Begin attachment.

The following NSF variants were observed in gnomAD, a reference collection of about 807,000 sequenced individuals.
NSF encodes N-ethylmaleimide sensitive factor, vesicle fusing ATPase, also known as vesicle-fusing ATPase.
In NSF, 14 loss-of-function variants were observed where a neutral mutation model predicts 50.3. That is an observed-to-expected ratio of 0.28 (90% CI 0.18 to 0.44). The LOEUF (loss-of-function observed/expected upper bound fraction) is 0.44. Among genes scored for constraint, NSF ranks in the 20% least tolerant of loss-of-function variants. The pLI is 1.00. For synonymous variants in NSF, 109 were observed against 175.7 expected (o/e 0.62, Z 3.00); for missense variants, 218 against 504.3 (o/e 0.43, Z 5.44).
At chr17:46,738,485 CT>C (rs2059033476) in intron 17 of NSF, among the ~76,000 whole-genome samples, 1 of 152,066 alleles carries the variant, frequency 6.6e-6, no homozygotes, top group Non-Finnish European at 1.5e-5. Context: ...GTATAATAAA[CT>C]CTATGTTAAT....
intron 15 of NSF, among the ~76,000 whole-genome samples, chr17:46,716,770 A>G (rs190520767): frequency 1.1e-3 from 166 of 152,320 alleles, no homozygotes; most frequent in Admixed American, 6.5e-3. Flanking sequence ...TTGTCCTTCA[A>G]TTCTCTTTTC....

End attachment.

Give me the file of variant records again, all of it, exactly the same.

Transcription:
The following NSF variants were observed in gnomAD, a reference collection of about 807,000 sequenced individuals.
NSF encodes N-ethylmaleimide sensitive factor, vesicle fusing ATPase, also known as vesicle-fusing ATPase.
In NSF, 14 loss-of-function variants were observed where a neutral mutation model predicts 50.3. That is an observed-to-expected ratio of 0.28 (90% CI 0.18 to 0.44). The LOEUF (loss-of-function observed/expected upper bound fraction) is 0.44. Among genes scored for constraint, NSF ranks in the 20% least tolerant of loss-of-function variants. The pLI is 1.00. For synonymous variants in NSF, 109 were observed against 175.7 expected (o/e 0.62, Z 3.00); for missense variants, 218 against 504.3 (o/e 0.43, Z 5.44).
At chr17:46,738,485 CT>C (rs2059033476) in intron 17 of NSF, among the ~76,000 whole-genome samples, 1 of 152,066 alleles carries the variant, frequency 6.6e-6, no homozygotes, top group Non-Finnish European at 1.5e-5. Context: ...GTATAATAAA[CT>C]CTATGTTAAT....
intron 15 of NSF, among the ~76,000 whole-genome samples, chr17:46,716,770 A>G (rs190520767): frequency 1.1e-3 from 166 of 152,320 alleles, no homozygotes; most frequent in Admixed American, 6.5e-3. Flanking sequence ...TTGTCCTTCA[A>G]TTCTCTTTTC....